• Exactly this. How much did you get paid to write this article? Undisclosed is crap. They bend the truth, withhold evidence, release quotes completely out of context. They have a financial motive to keep this going. Get off their dick.

    • It’s a serious allegation to toss out: 3 accomplished attorneys are lying consistently and publicly. It’s also absurd. The Undisclosed podcast has been reliably delivering well-sourced and documented information for many months; that you disagree with their conclusions about where that information leads legally doesn’t make them liars.

      I’ve read this kind of criticism in a few places on the internet, but to my knowledge only one person has ever had the courage & honesty to put their own name and reputation on it. That person (Ann Brocklehurst) also had the courage & honesty to answer questions about her allegations on tape, where her errors in fact and logic were easily exposed.

    • Give an example. They give examples which is why so many people are more willing to take what they say in stride than a comment from someone like you. And it is what “are” the odds.

  2. Not surprised to see “Lies'” comment here. This same “anonymous poster” shows up in the comments section of almost every Undisclosed/Serial related article to spout the same false claim that “Undisclosed has been shown to consistently lie” — as if hoping that repeating enough times, in enough places will sucker some people into believing it’s true.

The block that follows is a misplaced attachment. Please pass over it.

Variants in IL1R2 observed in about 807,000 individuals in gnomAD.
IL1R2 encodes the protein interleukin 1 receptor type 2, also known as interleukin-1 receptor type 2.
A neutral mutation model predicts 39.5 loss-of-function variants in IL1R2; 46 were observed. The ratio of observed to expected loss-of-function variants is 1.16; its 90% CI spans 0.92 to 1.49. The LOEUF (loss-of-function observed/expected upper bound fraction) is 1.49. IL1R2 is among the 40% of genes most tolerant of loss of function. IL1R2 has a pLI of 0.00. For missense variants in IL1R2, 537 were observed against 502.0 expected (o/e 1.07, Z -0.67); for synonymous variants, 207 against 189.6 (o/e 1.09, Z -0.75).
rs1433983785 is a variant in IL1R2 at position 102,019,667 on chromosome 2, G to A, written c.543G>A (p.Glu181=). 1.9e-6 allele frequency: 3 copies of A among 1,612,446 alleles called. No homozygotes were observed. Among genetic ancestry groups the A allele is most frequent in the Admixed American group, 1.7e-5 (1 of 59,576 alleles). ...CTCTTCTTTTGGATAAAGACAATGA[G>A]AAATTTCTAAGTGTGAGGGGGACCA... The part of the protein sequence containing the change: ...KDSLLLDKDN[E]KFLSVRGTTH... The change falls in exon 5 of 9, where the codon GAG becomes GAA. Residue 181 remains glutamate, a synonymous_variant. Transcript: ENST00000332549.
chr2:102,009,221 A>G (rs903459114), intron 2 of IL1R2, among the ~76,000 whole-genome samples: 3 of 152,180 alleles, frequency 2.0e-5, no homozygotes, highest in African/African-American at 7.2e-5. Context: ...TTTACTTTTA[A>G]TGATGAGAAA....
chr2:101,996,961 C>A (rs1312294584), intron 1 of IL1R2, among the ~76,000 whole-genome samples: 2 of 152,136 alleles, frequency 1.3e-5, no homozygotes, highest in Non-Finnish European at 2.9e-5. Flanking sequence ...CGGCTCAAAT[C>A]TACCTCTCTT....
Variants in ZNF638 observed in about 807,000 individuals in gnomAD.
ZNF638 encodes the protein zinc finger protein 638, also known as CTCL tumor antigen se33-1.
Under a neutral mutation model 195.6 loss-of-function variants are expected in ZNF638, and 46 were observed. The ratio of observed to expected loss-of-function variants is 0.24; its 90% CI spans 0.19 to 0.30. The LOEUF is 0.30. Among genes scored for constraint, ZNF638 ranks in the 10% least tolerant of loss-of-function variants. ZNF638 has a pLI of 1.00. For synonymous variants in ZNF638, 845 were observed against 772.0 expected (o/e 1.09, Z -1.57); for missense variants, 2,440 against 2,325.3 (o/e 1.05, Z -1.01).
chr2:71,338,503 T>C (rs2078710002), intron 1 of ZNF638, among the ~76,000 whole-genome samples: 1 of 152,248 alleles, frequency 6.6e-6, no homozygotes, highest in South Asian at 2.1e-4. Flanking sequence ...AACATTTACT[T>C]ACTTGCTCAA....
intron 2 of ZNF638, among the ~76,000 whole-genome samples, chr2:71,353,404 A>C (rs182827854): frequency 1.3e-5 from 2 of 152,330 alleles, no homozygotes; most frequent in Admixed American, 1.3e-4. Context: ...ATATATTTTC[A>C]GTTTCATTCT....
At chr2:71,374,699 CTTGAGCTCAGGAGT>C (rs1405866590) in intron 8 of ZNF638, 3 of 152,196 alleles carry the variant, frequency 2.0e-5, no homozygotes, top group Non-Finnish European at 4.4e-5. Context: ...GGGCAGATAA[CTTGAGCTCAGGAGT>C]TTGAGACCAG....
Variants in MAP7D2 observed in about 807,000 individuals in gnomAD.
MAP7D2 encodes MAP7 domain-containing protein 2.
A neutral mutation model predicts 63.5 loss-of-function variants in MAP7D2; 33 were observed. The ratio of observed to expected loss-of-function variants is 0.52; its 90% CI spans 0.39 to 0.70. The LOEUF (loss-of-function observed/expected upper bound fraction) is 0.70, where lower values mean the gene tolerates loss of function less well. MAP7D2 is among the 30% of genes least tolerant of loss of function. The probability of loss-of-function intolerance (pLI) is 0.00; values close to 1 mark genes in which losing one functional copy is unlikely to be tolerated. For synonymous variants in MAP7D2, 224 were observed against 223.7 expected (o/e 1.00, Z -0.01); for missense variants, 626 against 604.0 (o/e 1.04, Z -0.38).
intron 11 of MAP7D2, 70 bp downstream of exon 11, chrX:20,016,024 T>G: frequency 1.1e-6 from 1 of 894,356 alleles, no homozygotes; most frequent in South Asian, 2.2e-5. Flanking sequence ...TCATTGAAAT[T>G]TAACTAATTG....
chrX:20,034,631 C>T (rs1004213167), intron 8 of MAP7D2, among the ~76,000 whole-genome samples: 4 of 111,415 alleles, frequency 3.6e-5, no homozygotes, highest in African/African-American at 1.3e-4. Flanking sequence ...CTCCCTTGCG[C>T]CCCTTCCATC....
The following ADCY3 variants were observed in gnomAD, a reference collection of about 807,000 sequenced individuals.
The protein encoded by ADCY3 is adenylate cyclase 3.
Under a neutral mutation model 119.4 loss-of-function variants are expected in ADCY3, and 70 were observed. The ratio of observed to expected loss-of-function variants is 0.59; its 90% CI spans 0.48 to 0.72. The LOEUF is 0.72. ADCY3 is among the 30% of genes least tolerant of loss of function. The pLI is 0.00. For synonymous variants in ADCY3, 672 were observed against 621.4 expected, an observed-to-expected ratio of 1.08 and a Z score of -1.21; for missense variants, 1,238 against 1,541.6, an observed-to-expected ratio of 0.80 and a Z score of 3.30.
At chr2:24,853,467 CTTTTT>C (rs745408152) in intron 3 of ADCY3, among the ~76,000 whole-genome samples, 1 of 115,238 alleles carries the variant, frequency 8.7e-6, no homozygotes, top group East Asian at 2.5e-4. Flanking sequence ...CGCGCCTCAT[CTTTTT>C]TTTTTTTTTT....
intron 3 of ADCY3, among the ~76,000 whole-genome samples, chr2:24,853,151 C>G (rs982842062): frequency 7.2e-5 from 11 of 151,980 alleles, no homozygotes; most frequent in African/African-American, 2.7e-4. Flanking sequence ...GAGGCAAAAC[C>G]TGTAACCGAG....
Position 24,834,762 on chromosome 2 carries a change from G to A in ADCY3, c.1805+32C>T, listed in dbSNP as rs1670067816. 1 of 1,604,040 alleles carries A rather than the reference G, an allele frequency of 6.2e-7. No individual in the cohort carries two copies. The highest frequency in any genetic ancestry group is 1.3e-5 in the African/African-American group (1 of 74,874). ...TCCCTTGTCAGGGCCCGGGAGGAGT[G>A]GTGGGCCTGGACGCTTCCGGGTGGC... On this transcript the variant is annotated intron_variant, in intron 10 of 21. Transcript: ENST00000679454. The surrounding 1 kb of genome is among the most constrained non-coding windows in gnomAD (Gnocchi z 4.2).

Next the “anonymous poster” will be telling you the way to “look a lot closer into this case” is going to some specific subreddit, where they’ll claim “all the lies are exposed” but which is really a tiny group of imbalanced obsessives making dubious claims about things they have no credentials or expertise in low-rent, cover version of ‘jet fuel can’t melt steel beams.’

    • The irony is the only group making “Jet fuel” like claims are the folks at Undisclosed and their backers, the redditors are calling them out on it and they throw tantrums on their podcasts, then proceed to throw blindly claims in every direction the same way they claim the state did. Two wrongs don’t make a right.

        • – The State zeroing in on Adnan and not securing more evidence to prove beyond a reasonable doubt that it could be him and no one else.

          – Undisclosed and Serial Dynasty shotgun blasting accusations of grand conspiracies and week to week, throwing accusations on people like Jay, Don, Mr. S, other felons, STEPHANIE! then quickly moving onto another suspect or theory after someones name has been dragged through the mud for the week.

        • “See everyone?” what? you haven’t proven anything, other than trying to marginilize the fact that alot of people do not agree with the tiny group of podcasters obsessed with attacking everyone and their mothers for 15 minutes of fame.

  3. wow, the anti-adnan guilters can’t help but mindlessly troll their way across the interw3bs. i’ll bet both these comments are courtesy of the reddit nuts who’ve become obsessed with their hate for rabia and UNDISCLOSED.